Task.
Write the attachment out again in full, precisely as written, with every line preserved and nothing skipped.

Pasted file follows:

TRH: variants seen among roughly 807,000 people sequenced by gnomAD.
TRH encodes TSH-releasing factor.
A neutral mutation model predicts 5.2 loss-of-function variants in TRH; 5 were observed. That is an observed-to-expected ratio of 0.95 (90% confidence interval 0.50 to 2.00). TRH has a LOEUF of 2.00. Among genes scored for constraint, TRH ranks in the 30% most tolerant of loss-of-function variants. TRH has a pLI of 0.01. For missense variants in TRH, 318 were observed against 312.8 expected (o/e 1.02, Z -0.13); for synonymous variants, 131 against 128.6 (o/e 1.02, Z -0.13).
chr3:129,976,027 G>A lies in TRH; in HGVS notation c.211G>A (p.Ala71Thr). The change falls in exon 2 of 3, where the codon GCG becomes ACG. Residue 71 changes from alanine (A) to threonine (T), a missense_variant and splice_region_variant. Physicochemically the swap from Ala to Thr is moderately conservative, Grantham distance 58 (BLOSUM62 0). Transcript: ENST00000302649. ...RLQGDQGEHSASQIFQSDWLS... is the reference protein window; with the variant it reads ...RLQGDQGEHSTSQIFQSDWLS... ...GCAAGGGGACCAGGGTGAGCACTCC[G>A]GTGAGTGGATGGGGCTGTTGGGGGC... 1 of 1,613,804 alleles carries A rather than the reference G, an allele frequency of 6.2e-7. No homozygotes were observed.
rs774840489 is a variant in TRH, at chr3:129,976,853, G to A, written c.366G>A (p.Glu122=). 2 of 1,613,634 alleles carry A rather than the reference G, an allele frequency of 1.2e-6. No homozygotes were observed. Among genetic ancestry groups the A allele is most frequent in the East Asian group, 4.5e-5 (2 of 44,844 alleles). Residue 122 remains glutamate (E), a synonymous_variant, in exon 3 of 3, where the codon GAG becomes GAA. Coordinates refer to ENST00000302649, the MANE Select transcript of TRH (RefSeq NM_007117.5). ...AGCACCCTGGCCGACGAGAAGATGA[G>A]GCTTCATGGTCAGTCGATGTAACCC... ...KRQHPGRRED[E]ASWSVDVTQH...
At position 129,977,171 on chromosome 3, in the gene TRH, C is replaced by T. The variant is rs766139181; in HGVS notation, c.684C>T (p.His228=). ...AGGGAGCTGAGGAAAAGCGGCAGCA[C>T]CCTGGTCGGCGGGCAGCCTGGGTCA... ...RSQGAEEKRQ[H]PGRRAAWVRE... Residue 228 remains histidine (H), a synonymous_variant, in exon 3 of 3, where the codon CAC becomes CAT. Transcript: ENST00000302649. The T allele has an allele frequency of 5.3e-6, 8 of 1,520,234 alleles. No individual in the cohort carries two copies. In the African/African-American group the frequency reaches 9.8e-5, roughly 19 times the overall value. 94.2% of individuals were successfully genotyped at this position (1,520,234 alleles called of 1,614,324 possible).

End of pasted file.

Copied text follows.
TRH: variants seen among roughly 807,000 people sequenced by gnomAD.
TRH encodes TSH-releasing factor.
A neutral mutation model predicts 5.2 loss-of-function variants in TRH; 5 were observed. That is an observed-to-expected ratio of 0.95 (90% confidence interval 0.50 to 2.00). TRH has a LOEUF of 2.00. Among genes scored for constraint, TRH ranks in the 30% most tolerant of loss-of-function variants. TRH has a pLI of 0.01. For missense variants in TRH, 318 were observed against 312.8 expected (o/e 1.02, Z -0.13); for synonymous variants, 131 against 128.6 (o/e 1.02, Z -0.13).
chr3:129,976,027 G>A lies in TRH; in HGVS notation c.211G>A (p.Ala71Thr). The change falls in exon 2 of 3, where the codon GCG becomes ACG. Residue 71 changes from alanine (A) to threonine (T), a missense_variant and splice_region_variant. Physicochemically the swap from Ala to Thr is moderately conservative, Grantham distance 58 (BLOSUM62 0). Transcript: ENST00000302649. ...RLQGDQGEHSASQIFQSDWLS... is the reference protein window; with the variant it reads ...RLQGDQGEHSTSQIFQSDWLS... ...GCAAGGGGACCAGGGTGAGCACTCC[G>A]GTGAGTGGATGGGGCTGTTGGGGGC... 1 of 1,613,804 alleles carries A rather than the reference G, an allele frequency of 6.2e-7. No homozygotes were observed.
rs774840489 is a variant in TRH, at chr3:129,976,853, G to A, written c.366G>A (p.Glu122=). 2 of 1,613,634 alleles carry A rather than the reference G, an allele frequency of 1.2e-6. No homozygotes were observed. Among genetic ancestry groups the A allele is most frequent in the East Asian group, 4.5e-5 (2 of 44,844 alleles). Residue 122 remains glutamate (E), a synonymous_variant, in exon 3 of 3, where the codon GAG becomes GAA. Coordinates refer to ENST00000302649, the MANE Select transcript of TRH (RefSeq NM_007117.5). ...AGCACCCTGGCCGACGAGAAGATGA[G>A]GCTTCATGGTCAGTCGATGTAACCC... ...KRQHPGRRED[E]ASWSVDVTQH...
At position 129,977,171 on chromosome 3, in the gene TRH, C is replaced by T. The variant is rs766139181; in HGVS notation, c.684C>T (p.His228=). ...AGGGAGCTGAGGAAAAGCGGCAGCA[C>T]CCTGGTCGGCGGGCAGCCTGGGTCA... ...RSQGAEEKRQ[H]PGRRAAWVRE... Residue 228 remains histidine (H), a synonymous_variant, in exon 3 of 3, where the codon CAC becomes CAT. Transcript: ENST00000302649. The T allele has an allele frequency of 5.3e-6, 8 of 1,520,234 alleles. No individual in the cohort carries two copies. In the African/African-American group the frequency reaches 9.8e-5, roughly 19 times the overall value. 94.2% of individuals were successfully genotyped at this position (1,520,234 alleles called of 1,614,324 possible).